The Future of Medicine

An in-depth look at the cutting edge technologies changing medicine, including shining a light on maternal mortality.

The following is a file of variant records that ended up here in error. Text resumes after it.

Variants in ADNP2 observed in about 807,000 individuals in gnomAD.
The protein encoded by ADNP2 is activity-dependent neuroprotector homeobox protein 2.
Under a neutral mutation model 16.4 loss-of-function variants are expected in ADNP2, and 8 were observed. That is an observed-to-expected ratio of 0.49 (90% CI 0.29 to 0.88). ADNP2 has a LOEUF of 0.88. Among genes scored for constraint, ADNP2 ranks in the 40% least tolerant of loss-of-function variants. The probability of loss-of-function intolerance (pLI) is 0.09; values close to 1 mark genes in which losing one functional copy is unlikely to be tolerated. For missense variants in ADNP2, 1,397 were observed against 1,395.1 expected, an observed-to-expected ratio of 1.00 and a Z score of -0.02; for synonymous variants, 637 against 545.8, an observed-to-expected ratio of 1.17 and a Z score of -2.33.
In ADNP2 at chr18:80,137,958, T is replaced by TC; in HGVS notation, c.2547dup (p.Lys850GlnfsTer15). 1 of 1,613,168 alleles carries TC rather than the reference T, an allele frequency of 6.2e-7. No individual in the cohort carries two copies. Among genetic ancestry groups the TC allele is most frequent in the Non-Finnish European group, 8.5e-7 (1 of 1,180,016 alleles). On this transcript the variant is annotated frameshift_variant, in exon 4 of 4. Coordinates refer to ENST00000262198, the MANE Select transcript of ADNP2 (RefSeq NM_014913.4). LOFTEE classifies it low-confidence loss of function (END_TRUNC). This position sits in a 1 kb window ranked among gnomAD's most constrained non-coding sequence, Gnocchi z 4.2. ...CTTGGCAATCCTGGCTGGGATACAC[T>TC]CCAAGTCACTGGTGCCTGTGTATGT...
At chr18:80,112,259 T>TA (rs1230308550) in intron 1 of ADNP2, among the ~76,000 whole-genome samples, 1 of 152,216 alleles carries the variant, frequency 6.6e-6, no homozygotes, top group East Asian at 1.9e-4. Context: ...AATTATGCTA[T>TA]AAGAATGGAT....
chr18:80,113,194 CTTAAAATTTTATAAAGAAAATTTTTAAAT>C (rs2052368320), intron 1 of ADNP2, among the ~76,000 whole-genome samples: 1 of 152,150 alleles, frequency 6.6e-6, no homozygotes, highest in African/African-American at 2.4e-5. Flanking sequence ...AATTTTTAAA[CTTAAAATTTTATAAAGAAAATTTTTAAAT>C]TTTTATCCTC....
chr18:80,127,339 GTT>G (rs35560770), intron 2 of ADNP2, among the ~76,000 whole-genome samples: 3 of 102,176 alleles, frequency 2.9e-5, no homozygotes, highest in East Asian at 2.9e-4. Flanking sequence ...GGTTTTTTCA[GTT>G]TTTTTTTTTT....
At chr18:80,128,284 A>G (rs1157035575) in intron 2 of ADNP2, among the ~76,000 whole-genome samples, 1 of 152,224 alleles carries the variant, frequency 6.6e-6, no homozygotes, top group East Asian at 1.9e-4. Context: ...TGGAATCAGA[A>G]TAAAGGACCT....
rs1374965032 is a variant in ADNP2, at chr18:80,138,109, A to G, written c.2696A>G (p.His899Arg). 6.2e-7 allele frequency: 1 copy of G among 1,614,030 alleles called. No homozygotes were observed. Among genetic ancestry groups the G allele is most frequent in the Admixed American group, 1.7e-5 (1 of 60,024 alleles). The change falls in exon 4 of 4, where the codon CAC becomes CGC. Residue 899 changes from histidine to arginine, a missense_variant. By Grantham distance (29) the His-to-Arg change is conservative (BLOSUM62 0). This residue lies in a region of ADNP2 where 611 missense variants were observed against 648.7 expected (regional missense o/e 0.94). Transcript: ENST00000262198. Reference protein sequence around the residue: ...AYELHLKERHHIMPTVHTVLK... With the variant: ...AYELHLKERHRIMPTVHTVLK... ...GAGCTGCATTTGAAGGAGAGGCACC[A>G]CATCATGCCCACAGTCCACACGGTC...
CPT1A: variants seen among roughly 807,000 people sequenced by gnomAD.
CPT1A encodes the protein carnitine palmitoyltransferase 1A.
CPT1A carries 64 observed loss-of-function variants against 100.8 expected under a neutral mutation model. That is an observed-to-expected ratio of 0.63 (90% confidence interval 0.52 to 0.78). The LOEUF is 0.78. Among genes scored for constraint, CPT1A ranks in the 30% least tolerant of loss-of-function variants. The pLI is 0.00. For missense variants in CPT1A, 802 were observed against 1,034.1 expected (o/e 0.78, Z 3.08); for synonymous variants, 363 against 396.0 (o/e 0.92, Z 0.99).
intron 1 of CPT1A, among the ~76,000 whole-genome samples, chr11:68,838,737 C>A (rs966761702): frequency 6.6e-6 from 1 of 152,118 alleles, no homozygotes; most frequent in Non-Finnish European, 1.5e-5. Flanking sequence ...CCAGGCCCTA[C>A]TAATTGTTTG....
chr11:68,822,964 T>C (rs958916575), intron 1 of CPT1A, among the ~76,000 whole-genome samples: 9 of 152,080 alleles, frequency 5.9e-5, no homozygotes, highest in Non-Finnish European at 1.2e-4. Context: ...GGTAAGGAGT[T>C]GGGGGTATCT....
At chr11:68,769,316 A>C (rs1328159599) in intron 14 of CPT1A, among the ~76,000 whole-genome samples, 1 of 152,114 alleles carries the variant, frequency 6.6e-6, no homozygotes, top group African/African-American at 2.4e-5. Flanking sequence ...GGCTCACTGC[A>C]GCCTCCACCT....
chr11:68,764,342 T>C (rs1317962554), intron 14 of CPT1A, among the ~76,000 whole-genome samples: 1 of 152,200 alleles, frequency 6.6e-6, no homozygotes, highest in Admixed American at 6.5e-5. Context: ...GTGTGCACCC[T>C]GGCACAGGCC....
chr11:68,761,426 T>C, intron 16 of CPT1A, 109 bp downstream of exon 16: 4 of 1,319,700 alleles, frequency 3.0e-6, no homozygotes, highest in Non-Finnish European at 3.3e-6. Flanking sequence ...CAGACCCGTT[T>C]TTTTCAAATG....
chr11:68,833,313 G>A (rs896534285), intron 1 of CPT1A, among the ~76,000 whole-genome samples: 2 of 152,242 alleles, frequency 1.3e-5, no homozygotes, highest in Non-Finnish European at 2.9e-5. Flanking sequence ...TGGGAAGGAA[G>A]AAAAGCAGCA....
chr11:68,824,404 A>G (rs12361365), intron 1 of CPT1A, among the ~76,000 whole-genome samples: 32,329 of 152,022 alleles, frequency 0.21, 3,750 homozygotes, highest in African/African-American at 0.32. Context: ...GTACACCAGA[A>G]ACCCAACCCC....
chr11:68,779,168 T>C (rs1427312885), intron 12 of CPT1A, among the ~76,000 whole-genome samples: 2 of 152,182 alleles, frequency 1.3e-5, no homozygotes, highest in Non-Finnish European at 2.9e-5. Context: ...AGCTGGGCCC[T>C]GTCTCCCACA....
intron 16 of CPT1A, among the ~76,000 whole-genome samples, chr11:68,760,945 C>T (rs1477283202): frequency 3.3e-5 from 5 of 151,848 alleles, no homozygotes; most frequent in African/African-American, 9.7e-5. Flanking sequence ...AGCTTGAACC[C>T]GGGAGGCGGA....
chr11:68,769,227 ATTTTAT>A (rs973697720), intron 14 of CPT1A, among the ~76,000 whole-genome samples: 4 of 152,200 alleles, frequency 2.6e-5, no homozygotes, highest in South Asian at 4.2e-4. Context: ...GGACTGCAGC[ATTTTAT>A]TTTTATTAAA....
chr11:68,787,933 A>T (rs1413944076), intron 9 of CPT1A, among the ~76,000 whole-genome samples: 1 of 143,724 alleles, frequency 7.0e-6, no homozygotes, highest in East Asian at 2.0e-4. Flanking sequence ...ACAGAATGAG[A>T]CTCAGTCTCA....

19:14 | 12/17/18

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Transcript for The Future of Medicine